A network designed using only intrusive N connector taps such as AMP 221914-1 could get away with using pretty much any 50 ohm coax, but then the sum total of insertion losses created by each node may prevent the full 500M segment length from being achieved. Also, this approach wouldn’t permit addition of new nodes without bringing down the network. After an evening of wrestling with RG-8/U cable (why oh why didn’t I just buy RG-58) while attempting to make a short test lead, I think I’ll stick with the Vampire Taps.
For someone like me who hadn’t encountered it before, no amount of looking at pictures could prepare for how big this stuff is. Short of high power transmission cables, it’s the largest coaxial cable I’ve ever seen. It is also very heavy, rigid and the bend radius is absurdly large.
Another interesting feature of this cable is the black bands which appear every 2.5M. In 10BASE5 networks, MAUs can only be attached at 2.5M intervals, this is to ensure that signal reflections generated by taps stay out of phase, which stops them compounding across the whole segment. In a small network such as mine, it’s probably not so important to respect this tap placement rule, but I’ll respect it anyway.
Unlike the BNC connectors found on 10BASE2, the official connector used by 10BASE5 (where connectors are required) is the N connector. While still used extensively in lab/specialist environments, this large coaxial connector isn’t something the average ‘tech dude’ is likely to encounter these days. They perform exceptionally, have an intrinsic impedance of 50 ohms, are fairly common/inexpensive and easily handle the large sized #9880 cable.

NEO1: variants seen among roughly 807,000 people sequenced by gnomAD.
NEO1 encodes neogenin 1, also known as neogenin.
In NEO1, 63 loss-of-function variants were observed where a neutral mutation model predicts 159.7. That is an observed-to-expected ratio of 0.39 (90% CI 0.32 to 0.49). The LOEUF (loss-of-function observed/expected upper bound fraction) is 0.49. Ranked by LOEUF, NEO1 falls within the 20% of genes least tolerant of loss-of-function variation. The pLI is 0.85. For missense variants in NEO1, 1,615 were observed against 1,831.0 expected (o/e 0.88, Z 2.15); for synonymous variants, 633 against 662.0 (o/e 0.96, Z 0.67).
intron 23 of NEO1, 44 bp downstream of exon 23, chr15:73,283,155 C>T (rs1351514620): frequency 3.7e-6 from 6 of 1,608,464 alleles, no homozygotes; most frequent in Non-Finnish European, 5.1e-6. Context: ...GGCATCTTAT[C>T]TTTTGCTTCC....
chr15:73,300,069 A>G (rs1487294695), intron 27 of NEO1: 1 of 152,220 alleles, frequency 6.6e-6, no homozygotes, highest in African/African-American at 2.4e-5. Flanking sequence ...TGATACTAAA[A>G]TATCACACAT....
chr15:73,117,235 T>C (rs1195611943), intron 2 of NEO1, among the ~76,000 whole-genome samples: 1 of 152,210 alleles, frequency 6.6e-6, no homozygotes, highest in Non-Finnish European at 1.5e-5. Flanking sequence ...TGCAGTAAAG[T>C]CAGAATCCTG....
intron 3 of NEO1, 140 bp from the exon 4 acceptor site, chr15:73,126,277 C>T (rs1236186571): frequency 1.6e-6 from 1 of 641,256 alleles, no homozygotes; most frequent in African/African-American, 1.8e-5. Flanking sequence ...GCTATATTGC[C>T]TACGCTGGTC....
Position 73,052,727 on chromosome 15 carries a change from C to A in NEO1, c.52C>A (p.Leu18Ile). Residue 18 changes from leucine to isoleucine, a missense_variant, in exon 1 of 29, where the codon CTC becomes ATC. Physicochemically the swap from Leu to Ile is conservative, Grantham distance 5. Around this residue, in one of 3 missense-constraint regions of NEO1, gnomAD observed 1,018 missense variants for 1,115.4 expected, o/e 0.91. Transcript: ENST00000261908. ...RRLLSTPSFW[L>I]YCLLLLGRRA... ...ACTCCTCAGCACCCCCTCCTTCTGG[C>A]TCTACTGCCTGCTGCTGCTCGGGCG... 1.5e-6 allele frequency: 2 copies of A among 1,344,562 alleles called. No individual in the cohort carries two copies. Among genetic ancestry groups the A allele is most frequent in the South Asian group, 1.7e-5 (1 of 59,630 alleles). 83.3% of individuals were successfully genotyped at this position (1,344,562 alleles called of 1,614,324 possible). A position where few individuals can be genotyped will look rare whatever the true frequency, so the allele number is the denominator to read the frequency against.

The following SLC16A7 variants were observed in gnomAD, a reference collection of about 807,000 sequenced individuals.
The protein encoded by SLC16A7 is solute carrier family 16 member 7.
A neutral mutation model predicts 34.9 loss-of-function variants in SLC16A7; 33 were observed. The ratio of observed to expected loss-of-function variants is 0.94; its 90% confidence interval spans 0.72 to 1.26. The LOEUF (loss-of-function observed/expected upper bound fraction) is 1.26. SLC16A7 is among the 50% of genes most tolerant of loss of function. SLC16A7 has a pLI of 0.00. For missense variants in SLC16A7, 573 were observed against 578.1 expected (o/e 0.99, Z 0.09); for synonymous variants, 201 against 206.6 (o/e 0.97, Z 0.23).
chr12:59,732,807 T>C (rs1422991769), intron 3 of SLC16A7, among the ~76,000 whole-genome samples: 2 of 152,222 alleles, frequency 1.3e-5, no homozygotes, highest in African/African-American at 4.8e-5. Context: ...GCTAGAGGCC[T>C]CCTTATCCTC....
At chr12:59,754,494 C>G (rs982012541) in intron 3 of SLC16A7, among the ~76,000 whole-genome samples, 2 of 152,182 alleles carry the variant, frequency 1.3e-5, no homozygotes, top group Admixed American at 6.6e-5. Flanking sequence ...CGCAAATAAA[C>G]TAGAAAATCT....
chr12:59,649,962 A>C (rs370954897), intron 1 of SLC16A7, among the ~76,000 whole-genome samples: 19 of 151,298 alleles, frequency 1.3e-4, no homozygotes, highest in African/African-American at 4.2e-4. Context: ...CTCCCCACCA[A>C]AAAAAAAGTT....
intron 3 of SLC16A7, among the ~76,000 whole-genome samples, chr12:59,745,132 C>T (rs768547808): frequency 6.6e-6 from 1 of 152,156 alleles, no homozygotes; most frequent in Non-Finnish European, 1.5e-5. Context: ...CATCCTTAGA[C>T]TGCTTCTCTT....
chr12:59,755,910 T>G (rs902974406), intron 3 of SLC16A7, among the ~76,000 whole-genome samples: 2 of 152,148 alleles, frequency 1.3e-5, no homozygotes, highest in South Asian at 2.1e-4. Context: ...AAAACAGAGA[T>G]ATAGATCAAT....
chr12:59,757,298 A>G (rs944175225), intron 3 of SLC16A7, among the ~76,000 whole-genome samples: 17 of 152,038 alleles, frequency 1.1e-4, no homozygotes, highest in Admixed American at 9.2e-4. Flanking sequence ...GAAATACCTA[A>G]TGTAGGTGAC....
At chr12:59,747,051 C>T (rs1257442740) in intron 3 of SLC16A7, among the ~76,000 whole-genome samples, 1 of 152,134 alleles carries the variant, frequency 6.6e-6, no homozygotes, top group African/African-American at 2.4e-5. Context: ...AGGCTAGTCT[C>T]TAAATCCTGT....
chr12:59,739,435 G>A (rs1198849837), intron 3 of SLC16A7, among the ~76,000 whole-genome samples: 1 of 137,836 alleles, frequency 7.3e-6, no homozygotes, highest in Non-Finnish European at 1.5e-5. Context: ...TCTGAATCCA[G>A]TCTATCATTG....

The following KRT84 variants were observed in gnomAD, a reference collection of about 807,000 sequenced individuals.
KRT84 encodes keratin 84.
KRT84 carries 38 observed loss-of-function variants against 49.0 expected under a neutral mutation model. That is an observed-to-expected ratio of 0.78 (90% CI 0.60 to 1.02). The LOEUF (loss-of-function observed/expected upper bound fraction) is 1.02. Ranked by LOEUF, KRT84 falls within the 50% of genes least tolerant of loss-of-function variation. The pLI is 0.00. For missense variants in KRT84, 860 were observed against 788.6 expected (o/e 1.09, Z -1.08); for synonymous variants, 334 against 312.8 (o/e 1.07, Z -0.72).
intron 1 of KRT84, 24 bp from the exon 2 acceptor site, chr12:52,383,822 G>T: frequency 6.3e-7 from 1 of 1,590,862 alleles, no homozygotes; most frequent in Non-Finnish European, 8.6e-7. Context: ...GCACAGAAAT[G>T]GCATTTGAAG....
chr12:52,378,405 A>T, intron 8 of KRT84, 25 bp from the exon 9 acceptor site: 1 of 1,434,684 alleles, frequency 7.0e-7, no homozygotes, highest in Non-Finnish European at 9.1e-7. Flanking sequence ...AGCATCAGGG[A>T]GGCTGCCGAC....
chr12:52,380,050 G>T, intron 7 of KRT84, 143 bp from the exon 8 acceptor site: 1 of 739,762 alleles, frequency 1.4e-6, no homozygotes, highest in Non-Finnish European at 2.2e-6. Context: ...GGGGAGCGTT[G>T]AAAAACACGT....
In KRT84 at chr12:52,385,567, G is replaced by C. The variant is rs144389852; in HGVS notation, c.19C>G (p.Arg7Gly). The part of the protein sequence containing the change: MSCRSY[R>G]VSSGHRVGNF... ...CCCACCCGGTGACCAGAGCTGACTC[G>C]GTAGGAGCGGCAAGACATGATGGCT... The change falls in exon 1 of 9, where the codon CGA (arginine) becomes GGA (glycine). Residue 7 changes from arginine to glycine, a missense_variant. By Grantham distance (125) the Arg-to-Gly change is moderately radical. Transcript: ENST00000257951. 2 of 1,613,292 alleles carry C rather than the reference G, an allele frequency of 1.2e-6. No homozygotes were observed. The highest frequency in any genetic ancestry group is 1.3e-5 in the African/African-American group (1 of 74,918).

AUI Drop cables
These cables sporting male and female 15-pin D-sub connectors, connect a node to the MAU. Since the MAU is bolted to a rigid behemoth piece of coax, it wasn’t exactly convenient to try and drag that lot down to the back of a PC, so these cables bridged that gap. With a maximum length of 50 metres, that gap can be very large indeed. Also, given that taps could only be placed at 2.5M intervals, a world without drop cables would lend its self to much humour around the office, at the expense of well-intended PC and desk placement considerations.